What is engine compression?


#1

One of the pieces of advice often given here is to have a compression test done on a car’s engine as a means of isolating and diagnosing problems.



I realize that the air/fuel mix fed into the cylinders is under compression. Is that what you are testing, how well sealed those cylinders are at keeping the air/fuel mix compressed to certain specs?



I’m just being insatiably curious.



Marnet


#2

That’s correct Marnet. The piston draws in the fuel on the downstroke and then the valves close near the bottom of the travel. The piston then goes back up compressing the air mixture. Near the top of the stroke the ignition fires and combusts the mixture. The piston then goes back down on the power stoke and comes back up pushing the exhaust out the exhaust port.

The ratio of the volume of air that a cylinder has at the bottom of the piston compared to the top of the piston travel is how you determine the compression ratio of the engine.


#3

You’re close. The fuel/air is drawn into the cylinders but is not under compression at that point.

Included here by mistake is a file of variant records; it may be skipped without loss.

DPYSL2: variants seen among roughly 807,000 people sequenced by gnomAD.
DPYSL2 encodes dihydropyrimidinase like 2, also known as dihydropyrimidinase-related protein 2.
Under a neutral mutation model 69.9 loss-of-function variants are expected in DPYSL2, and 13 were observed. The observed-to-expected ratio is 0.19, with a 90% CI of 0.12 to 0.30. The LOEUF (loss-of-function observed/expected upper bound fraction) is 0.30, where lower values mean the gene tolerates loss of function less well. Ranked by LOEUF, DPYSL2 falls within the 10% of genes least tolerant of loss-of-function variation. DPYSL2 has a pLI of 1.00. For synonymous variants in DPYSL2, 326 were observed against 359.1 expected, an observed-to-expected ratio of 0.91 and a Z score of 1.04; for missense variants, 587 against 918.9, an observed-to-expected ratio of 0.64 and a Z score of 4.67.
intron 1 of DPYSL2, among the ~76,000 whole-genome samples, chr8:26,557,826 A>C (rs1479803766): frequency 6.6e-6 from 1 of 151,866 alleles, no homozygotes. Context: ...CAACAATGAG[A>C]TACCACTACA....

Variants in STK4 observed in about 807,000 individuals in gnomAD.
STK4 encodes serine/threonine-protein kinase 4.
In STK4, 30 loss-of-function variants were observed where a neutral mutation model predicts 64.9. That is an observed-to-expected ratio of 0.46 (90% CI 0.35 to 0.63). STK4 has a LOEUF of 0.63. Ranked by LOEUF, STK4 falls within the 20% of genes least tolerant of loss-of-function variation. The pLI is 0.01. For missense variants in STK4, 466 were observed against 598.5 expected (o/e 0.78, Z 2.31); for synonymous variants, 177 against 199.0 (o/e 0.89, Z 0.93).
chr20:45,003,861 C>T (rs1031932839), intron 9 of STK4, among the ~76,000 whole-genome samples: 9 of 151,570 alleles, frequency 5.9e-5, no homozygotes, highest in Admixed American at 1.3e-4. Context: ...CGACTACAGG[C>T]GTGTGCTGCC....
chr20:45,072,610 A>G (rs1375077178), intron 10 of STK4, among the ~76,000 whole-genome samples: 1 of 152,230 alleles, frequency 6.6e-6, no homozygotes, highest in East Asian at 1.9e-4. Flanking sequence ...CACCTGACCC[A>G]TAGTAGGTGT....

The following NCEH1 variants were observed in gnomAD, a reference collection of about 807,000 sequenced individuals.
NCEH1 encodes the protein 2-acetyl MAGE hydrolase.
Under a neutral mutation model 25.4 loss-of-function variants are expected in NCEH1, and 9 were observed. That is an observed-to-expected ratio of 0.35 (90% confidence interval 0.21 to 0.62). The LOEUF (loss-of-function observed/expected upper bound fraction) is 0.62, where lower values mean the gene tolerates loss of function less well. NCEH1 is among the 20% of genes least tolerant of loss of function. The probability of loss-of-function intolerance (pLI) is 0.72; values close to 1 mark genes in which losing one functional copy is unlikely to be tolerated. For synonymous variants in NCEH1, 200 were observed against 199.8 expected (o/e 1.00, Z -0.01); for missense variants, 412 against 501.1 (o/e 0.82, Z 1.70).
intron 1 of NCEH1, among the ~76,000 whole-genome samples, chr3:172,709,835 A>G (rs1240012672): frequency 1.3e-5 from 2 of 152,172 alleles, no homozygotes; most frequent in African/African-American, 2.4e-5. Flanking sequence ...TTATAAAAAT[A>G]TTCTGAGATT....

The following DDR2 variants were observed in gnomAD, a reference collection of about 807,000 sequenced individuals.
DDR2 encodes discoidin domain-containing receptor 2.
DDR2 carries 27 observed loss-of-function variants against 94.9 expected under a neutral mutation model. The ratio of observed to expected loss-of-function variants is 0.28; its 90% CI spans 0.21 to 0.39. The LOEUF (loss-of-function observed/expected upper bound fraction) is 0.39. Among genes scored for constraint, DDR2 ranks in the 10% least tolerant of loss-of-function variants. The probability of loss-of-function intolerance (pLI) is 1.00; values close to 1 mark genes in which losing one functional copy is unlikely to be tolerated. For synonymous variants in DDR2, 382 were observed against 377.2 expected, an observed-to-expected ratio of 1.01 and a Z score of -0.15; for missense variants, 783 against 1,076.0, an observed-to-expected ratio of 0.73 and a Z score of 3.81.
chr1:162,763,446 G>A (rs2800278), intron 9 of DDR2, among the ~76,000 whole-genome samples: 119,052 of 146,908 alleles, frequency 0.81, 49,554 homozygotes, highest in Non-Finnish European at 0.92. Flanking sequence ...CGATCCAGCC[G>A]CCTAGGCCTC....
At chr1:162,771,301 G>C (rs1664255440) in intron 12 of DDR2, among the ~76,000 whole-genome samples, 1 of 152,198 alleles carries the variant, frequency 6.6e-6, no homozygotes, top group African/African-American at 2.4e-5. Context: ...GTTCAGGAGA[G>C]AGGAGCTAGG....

About the time the piston starts back up the intake valve is closing so this means that both the valves are essentially closed(3 or 4 valves in some cases).
The fuel/air mix is basically squashed at the top and cylinder pressures will go up.
The cranking compression will vary depending on the engine and the camshaft profile (a bit more complicated to explain), but will normally run from 160 to 200 pounds per square inch.

When checking compression, one looks for continuity in the readings. If normal compression is 180 PSI then you would hope they’re all in the 175-185 range. If you have one at 150 then you know you’ve got a problem.
With most engines, if the pressures are down in the 140, even all of them, then you can figure the engine is worn and on the way downhill although it may run for a long time like that.


#4

Aha, that makes sense now. It’s a way to see if any particular cylinder has an issue. Also a way to see if the entire engine is getting worn out.

I presume that an engine that is getting fairly worn out will not only have lower compression numbers but tend to have both lessened gas mileage on average and possibly some loss of power, especially on acceleration?

Marnet


#5

Exactly.


#6

Thank you for the explanations. Nice to learn something new everyday. G

Marnet


#7

As for the air/fuel mix entering the combustion chamber under compression, this is only true on turbocharged or supercharged engines. And this compression is a fraction of what takes place in the combustion chamber.